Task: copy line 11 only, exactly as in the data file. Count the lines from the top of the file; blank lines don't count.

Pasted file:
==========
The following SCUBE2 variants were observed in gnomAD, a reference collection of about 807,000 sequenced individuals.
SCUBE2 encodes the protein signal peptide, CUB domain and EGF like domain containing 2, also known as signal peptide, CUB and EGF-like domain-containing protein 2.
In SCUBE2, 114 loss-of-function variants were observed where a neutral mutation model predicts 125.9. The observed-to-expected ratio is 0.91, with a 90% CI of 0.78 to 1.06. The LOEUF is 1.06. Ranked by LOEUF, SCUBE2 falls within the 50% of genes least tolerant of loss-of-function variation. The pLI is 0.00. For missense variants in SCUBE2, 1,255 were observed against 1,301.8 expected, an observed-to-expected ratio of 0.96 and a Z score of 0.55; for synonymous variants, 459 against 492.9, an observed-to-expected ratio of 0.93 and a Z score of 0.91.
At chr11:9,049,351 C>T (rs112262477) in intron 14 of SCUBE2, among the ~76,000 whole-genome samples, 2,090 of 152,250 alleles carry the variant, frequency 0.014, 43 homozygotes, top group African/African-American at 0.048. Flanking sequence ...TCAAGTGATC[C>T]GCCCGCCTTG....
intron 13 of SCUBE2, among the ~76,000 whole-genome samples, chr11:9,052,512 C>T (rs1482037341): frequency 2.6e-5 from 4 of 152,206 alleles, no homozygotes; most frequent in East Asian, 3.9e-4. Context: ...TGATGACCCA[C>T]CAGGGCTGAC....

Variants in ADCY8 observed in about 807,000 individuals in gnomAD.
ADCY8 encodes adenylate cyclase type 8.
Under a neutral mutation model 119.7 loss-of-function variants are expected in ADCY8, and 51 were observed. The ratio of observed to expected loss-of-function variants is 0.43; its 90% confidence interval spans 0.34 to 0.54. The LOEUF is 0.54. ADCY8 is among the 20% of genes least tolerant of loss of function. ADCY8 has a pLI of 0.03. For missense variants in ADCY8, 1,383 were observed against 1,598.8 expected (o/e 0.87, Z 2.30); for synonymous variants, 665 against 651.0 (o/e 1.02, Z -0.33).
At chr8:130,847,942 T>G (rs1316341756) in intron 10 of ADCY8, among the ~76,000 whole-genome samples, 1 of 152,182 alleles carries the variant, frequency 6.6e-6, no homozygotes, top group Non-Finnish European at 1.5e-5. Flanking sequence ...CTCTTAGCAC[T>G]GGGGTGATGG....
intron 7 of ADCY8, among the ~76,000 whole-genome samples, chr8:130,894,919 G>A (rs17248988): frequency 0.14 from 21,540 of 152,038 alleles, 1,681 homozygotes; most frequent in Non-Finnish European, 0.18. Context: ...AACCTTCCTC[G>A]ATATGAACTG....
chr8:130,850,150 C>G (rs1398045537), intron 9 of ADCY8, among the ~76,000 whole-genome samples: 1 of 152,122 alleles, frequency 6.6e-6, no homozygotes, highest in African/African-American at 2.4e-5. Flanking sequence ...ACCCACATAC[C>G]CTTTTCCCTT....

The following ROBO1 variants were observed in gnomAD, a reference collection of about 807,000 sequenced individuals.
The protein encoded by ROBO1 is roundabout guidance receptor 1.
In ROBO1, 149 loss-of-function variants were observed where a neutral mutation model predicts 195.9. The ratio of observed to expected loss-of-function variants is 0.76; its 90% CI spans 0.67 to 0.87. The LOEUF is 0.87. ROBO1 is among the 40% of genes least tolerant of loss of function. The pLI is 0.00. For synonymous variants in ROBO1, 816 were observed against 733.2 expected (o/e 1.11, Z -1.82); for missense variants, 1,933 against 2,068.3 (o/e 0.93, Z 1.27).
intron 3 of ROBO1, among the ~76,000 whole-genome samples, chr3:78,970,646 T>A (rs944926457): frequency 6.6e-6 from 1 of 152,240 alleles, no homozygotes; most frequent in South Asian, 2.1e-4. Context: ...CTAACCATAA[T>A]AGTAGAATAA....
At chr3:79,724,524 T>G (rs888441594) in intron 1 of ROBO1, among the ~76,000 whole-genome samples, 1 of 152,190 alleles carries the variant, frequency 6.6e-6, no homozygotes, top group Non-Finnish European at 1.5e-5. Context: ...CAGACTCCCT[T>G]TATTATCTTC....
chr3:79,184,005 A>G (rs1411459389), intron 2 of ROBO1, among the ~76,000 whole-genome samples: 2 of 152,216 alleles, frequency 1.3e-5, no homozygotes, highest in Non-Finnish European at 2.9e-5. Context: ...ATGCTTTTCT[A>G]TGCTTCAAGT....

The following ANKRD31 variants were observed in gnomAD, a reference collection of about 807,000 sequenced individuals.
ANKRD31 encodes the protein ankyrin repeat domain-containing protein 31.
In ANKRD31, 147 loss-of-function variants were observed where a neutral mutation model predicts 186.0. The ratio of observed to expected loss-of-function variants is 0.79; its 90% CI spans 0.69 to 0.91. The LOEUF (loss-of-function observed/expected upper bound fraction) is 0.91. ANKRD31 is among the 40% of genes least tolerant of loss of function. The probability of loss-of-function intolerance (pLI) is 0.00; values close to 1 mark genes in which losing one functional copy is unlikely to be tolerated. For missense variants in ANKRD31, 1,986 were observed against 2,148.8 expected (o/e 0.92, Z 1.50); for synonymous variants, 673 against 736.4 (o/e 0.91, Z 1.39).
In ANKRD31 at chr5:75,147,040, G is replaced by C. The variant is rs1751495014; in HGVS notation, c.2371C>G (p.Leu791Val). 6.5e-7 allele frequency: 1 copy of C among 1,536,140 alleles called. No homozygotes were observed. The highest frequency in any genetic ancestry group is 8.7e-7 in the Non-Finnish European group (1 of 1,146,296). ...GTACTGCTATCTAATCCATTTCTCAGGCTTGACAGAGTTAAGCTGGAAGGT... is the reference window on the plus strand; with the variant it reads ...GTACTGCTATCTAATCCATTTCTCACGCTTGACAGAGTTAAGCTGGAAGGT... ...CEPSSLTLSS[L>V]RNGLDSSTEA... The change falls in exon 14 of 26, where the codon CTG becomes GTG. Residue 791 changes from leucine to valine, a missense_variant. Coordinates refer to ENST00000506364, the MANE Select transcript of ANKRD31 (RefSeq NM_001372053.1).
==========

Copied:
chr8:130,850,150 C>G (rs1398045537), intron 9 of ADCY8, among the ~76,000 whole-genome samples: 1 of 152,122 alleles, frequency 6.6e-6, no homozygotes, highest in African/African-American at 2.4e-5. Flanking sequence ...ACCCACATAC[C>G]CTTTTCCCTT....